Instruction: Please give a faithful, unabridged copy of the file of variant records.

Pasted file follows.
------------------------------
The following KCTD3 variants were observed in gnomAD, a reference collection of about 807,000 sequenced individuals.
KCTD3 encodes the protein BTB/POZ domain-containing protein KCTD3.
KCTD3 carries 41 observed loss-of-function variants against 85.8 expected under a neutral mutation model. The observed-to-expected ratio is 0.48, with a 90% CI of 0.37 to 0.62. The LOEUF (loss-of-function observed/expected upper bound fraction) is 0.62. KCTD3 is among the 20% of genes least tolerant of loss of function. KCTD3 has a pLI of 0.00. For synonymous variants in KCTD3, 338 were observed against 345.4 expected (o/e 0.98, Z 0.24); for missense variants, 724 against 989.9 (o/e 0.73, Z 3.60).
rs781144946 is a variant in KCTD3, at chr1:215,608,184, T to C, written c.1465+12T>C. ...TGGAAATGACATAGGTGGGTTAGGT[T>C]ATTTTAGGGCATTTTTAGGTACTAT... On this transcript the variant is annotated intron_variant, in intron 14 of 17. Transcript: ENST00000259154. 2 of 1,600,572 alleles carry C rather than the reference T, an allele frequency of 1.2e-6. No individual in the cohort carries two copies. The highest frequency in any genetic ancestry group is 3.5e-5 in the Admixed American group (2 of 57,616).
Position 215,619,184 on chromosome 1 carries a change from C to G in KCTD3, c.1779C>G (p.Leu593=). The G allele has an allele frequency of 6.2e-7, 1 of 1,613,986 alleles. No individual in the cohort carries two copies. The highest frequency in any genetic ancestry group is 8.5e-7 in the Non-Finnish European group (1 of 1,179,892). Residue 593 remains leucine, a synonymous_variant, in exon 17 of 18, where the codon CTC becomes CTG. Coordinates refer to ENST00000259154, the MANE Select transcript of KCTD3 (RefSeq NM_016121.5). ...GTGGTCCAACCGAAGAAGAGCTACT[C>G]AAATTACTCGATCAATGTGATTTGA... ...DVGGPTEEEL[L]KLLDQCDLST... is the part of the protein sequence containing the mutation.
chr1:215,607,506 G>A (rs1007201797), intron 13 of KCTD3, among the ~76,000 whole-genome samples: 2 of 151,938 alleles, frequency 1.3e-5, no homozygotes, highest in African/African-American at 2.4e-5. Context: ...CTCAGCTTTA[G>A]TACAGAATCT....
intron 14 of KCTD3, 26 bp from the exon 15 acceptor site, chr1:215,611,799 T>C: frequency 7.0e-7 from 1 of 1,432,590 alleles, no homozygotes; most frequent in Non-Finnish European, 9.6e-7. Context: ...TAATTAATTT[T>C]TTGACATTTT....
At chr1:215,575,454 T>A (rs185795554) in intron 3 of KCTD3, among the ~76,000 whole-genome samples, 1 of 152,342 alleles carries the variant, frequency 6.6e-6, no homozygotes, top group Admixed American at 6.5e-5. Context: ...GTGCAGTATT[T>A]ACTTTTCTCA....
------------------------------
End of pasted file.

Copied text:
The following KCTD3 variants were observed in gnomAD, a reference collection of about 807,000 sequenced individuals.
KCTD3 encodes the protein BTB/POZ domain-containing protein KCTD3.
KCTD3 carries 41 observed loss-of-function variants against 85.8 expected under a neutral mutation model. The observed-to-expected ratio is 0.48, with a 90% CI of 0.37 to 0.62. The LOEUF (loss-of-function observed/expected upper bound fraction) is 0.62. KCTD3 is among the 20% of genes least tolerant of loss of function. KCTD3 has a pLI of 0.00. For synonymous variants in KCTD3, 338 were observed against 345.4 expected (o/e 0.98, Z 0.24); for missense variants, 724 against 989.9 (o/e 0.73, Z 3.60).
rs781144946 is a variant in KCTD3, at chr1:215,608,184, T to C, written c.1465+12T>C. ...TGGAAATGACATAGGTGGGTTAGGT[T>C]ATTTTAGGGCATTTTTAGGTACTAT... On this transcript the variant is annotated intron_variant, in intron 14 of 17. Transcript: ENST00000259154. 2 of 1,600,572 alleles carry C rather than the reference T, an allele frequency of 1.2e-6. No individual in the cohort carries two copies. The highest frequency in any genetic ancestry group is 3.5e-5 in the Admixed American group (2 of 57,616).
Position 215,619,184 on chromosome 1 carries a change from C to G in KCTD3, c.1779C>G (p.Leu593=). The G allele has an allele frequency of 6.2e-7, 1 of 1,613,986 alleles. No individual in the cohort carries two copies. The highest frequency in any genetic ancestry group is 8.5e-7 in the Non-Finnish European group (1 of 1,179,892). Residue 593 remains leucine, a synonymous_variant, in exon 17 of 18, where the codon CTC becomes CTG. Coordinates refer to ENST00000259154, the MANE Select transcript of KCTD3 (RefSeq NM_016121.5). ...GTGGTCCAACCGAAGAAGAGCTACT[C>G]AAATTACTCGATCAATGTGATTTGA... ...DVGGPTEEEL[L]KLLDQCDLST... is the part of the protein sequence containing the mutation.
chr1:215,607,506 G>A (rs1007201797), intron 13 of KCTD3, among the ~76,000 whole-genome samples: 2 of 151,938 alleles, frequency 1.3e-5, no homozygotes, highest in African/African-American at 2.4e-5. Context: ...CTCAGCTTTA[G>A]TACAGAATCT....
intron 14 of KCTD3, 26 bp from the exon 15 acceptor site, chr1:215,611,799 T>C: frequency 7.0e-7 from 1 of 1,432,590 alleles, no homozygotes; most frequent in Non-Finnish European, 9.6e-7. Context: ...TAATTAATTT[T>C]TTGACATTTT....
At chr1:215,575,454 T>A (rs185795554) in intron 3 of KCTD3, among the ~76,000 whole-genome samples, 1 of 152,342 alleles carries the variant, frequency 6.6e-6, no homozygotes, top group Admixed American at 6.5e-5. Context: ...GTGCAGTATT[T>A]ACTTTTCTCA....